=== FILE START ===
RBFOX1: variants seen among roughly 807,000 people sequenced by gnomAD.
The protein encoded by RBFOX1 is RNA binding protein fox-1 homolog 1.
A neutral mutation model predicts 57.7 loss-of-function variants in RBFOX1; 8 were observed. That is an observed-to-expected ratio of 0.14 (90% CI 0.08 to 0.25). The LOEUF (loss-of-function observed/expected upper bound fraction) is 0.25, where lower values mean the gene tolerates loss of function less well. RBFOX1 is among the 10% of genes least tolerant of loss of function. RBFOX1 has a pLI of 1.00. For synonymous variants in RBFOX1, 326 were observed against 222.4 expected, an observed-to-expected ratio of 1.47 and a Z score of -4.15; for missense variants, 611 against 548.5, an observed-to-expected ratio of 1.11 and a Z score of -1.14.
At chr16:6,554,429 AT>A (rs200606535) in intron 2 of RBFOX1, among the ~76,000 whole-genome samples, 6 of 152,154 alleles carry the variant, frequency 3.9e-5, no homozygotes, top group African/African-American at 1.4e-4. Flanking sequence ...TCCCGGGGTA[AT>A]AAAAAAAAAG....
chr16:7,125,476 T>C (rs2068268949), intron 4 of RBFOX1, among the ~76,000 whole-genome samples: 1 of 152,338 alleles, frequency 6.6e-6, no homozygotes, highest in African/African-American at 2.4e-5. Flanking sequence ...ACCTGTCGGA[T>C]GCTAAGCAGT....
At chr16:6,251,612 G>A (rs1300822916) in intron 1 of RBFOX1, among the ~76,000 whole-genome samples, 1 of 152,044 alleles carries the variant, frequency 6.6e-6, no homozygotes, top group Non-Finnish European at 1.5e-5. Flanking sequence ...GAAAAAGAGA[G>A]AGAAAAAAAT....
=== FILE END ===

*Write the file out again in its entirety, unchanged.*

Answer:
RBFOX1: variants seen among roughly 807,000 people sequenced by gnomAD.
The protein encoded by RBFOX1 is RNA binding protein fox-1 homolog 1.
A neutral mutation model predicts 57.7 loss-of-function variants in RBFOX1; 8 were observed. That is an observed-to-expected ratio of 0.14 (90% CI 0.08 to 0.25). The LOEUF (loss-of-function observed/expected upper bound fraction) is 0.25, where lower values mean the gene tolerates loss of function less well. RBFOX1 is among the 10% of genes least tolerant of loss of function. RBFOX1 has a pLI of 1.00. For synonymous variants in RBFOX1, 326 were observed against 222.4 expected, an observed-to-expected ratio of 1.47 and a Z score of -4.15; for missense variants, 611 against 548.5, an observed-to-expected ratio of 1.11 and a Z score of -1.14.
At chr16:6,554,429 AT>A (rs200606535) in intron 2 of RBFOX1, among the ~76,000 whole-genome samples, 6 of 152,154 alleles carry the variant, frequency 3.9e-5, no homozygotes, top group African/African-American at 1.4e-4. Flanking sequence ...TCCCGGGGTA[AT>A]AAAAAAAAAG....
chr16:7,125,476 T>C (rs2068268949), intron 4 of RBFOX1, among the ~76,000 whole-genome samples: 1 of 152,338 alleles, frequency 6.6e-6, no homozygotes, highest in African/African-American at 2.4e-5. Flanking sequence ...ACCTGTCGGA[T>C]GCTAAGCAGT....
At chr16:6,251,612 G>A (rs1300822916) in intron 1 of RBFOX1, among the ~76,000 whole-genome samples, 1 of 152,044 alleles carries the variant, frequency 6.6e-6, no homozygotes, top group Non-Finnish European at 1.5e-5. Flanking sequence ...GAAAAAGAGA[G>A]AGAAAAAAAT....